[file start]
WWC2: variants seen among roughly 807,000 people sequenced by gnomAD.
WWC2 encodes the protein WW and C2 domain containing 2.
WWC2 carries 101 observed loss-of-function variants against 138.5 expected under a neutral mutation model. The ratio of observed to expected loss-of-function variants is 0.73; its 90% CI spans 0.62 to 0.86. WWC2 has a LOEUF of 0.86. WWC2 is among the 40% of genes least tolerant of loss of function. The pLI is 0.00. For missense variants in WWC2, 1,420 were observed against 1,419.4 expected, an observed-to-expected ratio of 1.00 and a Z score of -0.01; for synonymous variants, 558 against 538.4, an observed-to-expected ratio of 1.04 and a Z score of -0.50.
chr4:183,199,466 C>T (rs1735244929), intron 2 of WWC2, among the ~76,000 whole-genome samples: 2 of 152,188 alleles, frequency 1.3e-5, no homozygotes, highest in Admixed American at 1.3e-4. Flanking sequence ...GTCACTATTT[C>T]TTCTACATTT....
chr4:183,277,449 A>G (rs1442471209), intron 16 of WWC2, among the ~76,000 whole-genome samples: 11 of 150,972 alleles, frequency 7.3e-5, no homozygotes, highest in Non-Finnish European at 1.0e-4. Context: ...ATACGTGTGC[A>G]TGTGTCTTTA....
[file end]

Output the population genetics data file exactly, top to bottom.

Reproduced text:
WWC2: variants seen among roughly 807,000 people sequenced by gnomAD.
WWC2 encodes the protein WW and C2 domain containing 2.
WWC2 carries 101 observed loss-of-function variants against 138.5 expected under a neutral mutation model. The ratio of observed to expected loss-of-function variants is 0.73; its 90% CI spans 0.62 to 0.86. WWC2 has a LOEUF of 0.86. WWC2 is among the 40% of genes least tolerant of loss of function. The pLI is 0.00. For missense variants in WWC2, 1,420 were observed against 1,419.4 expected, an observed-to-expected ratio of 1.00 and a Z score of -0.01; for synonymous variants, 558 against 538.4, an observed-to-expected ratio of 1.04 and a Z score of -0.50.
chr4:183,199,466 C>T (rs1735244929), intron 2 of WWC2, among the ~76,000 whole-genome samples: 2 of 152,188 alleles, frequency 1.3e-5, no homozygotes, highest in Admixed American at 1.3e-4. Flanking sequence ...GTCACTATTT[C>T]TTCTACATTT....
chr4:183,277,449 A>G (rs1442471209), intron 16 of WWC2, among the ~76,000 whole-genome samples: 11 of 150,972 alleles, frequency 7.3e-5, no homozygotes, highest in Non-Finnish European at 1.0e-4. Context: ...ATACGTGTGC[A>G]TGTGTCTTTA....